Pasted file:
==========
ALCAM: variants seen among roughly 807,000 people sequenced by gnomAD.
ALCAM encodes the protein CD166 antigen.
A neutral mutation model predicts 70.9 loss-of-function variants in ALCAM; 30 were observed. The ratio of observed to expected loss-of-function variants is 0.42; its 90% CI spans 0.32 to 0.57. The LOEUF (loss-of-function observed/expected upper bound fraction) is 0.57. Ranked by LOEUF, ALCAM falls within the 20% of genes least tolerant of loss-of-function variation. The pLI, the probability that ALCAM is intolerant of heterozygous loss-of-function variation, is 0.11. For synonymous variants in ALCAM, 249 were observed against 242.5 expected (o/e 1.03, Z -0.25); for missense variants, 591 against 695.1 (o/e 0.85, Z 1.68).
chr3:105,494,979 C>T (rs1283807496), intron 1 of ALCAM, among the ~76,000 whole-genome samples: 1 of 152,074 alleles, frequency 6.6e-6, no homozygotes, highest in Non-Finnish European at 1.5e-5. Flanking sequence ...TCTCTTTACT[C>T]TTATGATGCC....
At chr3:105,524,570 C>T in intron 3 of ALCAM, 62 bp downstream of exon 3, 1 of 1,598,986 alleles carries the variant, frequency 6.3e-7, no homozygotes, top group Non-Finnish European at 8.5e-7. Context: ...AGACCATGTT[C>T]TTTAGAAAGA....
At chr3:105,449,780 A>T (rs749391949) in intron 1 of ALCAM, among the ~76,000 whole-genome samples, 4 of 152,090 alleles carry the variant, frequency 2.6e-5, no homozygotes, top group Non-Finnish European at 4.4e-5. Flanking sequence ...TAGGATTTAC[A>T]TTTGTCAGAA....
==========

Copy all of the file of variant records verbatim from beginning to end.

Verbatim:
ALCAM: variants seen among roughly 807,000 people sequenced by gnomAD.
ALCAM encodes the protein CD166 antigen.
A neutral mutation model predicts 70.9 loss-of-function variants in ALCAM; 30 were observed. The ratio of observed to expected loss-of-function variants is 0.42; its 90% CI spans 0.32 to 0.57. The LOEUF (loss-of-function observed/expected upper bound fraction) is 0.57. Ranked by LOEUF, ALCAM falls within the 20% of genes least tolerant of loss-of-function variation. The pLI, the probability that ALCAM is intolerant of heterozygous loss-of-function variation, is 0.11. For synonymous variants in ALCAM, 249 were observed against 242.5 expected (o/e 1.03, Z -0.25); for missense variants, 591 against 695.1 (o/e 0.85, Z 1.68).
chr3:105,494,979 C>T (rs1283807496), intron 1 of ALCAM, among the ~76,000 whole-genome samples: 1 of 152,074 alleles, frequency 6.6e-6, no homozygotes, highest in Non-Finnish European at 1.5e-5. Flanking sequence ...TCTCTTTACT[C>T]TTATGATGCC....
At chr3:105,524,570 C>T in intron 3 of ALCAM, 62 bp downstream of exon 3, 1 of 1,598,986 alleles carries the variant, frequency 6.3e-7, no homozygotes, top group Non-Finnish European at 8.5e-7. Context: ...AGACCATGTT[C>T]TTTAGAAAGA....
At chr3:105,449,780 A>T (rs749391949) in intron 1 of ALCAM, among the ~76,000 whole-genome samples, 4 of 152,090 alleles carry the variant, frequency 2.6e-5, no homozygotes, top group Non-Finnish European at 4.4e-5. Flanking sequence ...TAGGATTTAC[A>T]TTTGTCAGAA....